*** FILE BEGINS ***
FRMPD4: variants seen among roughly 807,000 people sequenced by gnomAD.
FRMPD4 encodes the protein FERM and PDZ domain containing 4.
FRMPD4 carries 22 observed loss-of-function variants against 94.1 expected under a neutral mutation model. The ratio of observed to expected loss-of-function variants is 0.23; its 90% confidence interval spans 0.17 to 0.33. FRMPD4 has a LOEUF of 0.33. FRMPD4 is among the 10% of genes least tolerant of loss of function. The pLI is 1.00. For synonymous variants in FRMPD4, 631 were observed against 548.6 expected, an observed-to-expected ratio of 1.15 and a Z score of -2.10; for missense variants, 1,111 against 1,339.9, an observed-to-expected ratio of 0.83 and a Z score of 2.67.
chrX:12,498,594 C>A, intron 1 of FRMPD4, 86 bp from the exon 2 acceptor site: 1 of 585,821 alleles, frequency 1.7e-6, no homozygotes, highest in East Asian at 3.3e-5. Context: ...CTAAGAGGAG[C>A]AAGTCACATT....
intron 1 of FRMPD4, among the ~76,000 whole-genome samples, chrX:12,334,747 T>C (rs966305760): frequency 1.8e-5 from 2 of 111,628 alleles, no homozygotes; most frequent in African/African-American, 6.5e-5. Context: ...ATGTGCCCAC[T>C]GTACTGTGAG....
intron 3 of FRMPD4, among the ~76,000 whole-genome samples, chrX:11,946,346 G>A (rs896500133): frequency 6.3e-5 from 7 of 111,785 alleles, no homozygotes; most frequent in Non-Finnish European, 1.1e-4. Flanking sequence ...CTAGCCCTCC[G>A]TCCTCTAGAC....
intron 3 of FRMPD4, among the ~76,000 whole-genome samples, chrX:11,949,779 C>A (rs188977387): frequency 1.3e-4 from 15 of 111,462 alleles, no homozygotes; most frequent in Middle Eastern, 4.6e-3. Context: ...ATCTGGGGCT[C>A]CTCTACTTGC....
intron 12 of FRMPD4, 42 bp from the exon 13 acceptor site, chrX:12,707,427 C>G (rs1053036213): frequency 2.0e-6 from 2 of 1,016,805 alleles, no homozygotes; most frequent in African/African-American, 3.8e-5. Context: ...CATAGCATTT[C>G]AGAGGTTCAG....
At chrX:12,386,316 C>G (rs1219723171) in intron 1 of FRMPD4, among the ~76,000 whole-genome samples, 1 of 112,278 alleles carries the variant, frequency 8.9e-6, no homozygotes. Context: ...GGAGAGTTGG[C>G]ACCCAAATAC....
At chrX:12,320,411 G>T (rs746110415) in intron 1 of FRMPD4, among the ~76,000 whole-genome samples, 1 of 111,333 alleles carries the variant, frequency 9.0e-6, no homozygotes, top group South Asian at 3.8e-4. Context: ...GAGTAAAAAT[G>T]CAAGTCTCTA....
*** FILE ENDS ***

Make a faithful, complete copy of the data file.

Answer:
FRMPD4: variants seen among roughly 807,000 people sequenced by gnomAD.
FRMPD4 encodes the protein FERM and PDZ domain containing 4.
FRMPD4 carries 22 observed loss-of-function variants against 94.1 expected under a neutral mutation model. The ratio of observed to expected loss-of-function variants is 0.23; its 90% confidence interval spans 0.17 to 0.33. FRMPD4 has a LOEUF of 0.33. FRMPD4 is among the 10% of genes least tolerant of loss of function. The pLI is 1.00. For synonymous variants in FRMPD4, 631 were observed against 548.6 expected, an observed-to-expected ratio of 1.15 and a Z score of -2.10; for missense variants, 1,111 against 1,339.9, an observed-to-expected ratio of 0.83 and a Z score of 2.67.
chrX:12,498,594 C>A, intron 1 of FRMPD4, 86 bp from the exon 2 acceptor site: 1 of 585,821 alleles, frequency 1.7e-6, no homozygotes, highest in East Asian at 3.3e-5. Context: ...CTAAGAGGAG[C>A]AAGTCACATT....
intron 1 of FRMPD4, among the ~76,000 whole-genome samples, chrX:12,334,747 T>C (rs966305760): frequency 1.8e-5 from 2 of 111,628 alleles, no homozygotes; most frequent in African/African-American, 6.5e-5. Context: ...ATGTGCCCAC[T>C]GTACTGTGAG....
intron 3 of FRMPD4, among the ~76,000 whole-genome samples, chrX:11,946,346 G>A (rs896500133): frequency 6.3e-5 from 7 of 111,785 alleles, no homozygotes; most frequent in Non-Finnish European, 1.1e-4. Flanking sequence ...CTAGCCCTCC[G>A]TCCTCTAGAC....
intron 3 of FRMPD4, among the ~76,000 whole-genome samples, chrX:11,949,779 C>A (rs188977387): frequency 1.3e-4 from 15 of 111,462 alleles, no homozygotes; most frequent in Middle Eastern, 4.6e-3. Context: ...ATCTGGGGCT[C>A]CTCTACTTGC....
intron 12 of FRMPD4, 42 bp from the exon 13 acceptor site, chrX:12,707,427 C>G (rs1053036213): frequency 2.0e-6 from 2 of 1,016,805 alleles, no homozygotes; most frequent in African/African-American, 3.8e-5. Context: ...CATAGCATTT[C>G]AGAGGTTCAG....
At chrX:12,386,316 C>G (rs1219723171) in intron 1 of FRMPD4, among the ~76,000 whole-genome samples, 1 of 112,278 alleles carries the variant, frequency 8.9e-6, no homozygotes. Context: ...GGAGAGTTGG[C>G]ACCCAAATAC....
At chrX:12,320,411 G>T (rs746110415) in intron 1 of FRMPD4, among the ~76,000 whole-genome samples, 1 of 111,333 alleles carries the variant, frequency 9.0e-6, no homozygotes, top group South Asian at 3.8e-4. Context: ...GAGTAAAAAT[G>T]CAAGTCTCTA....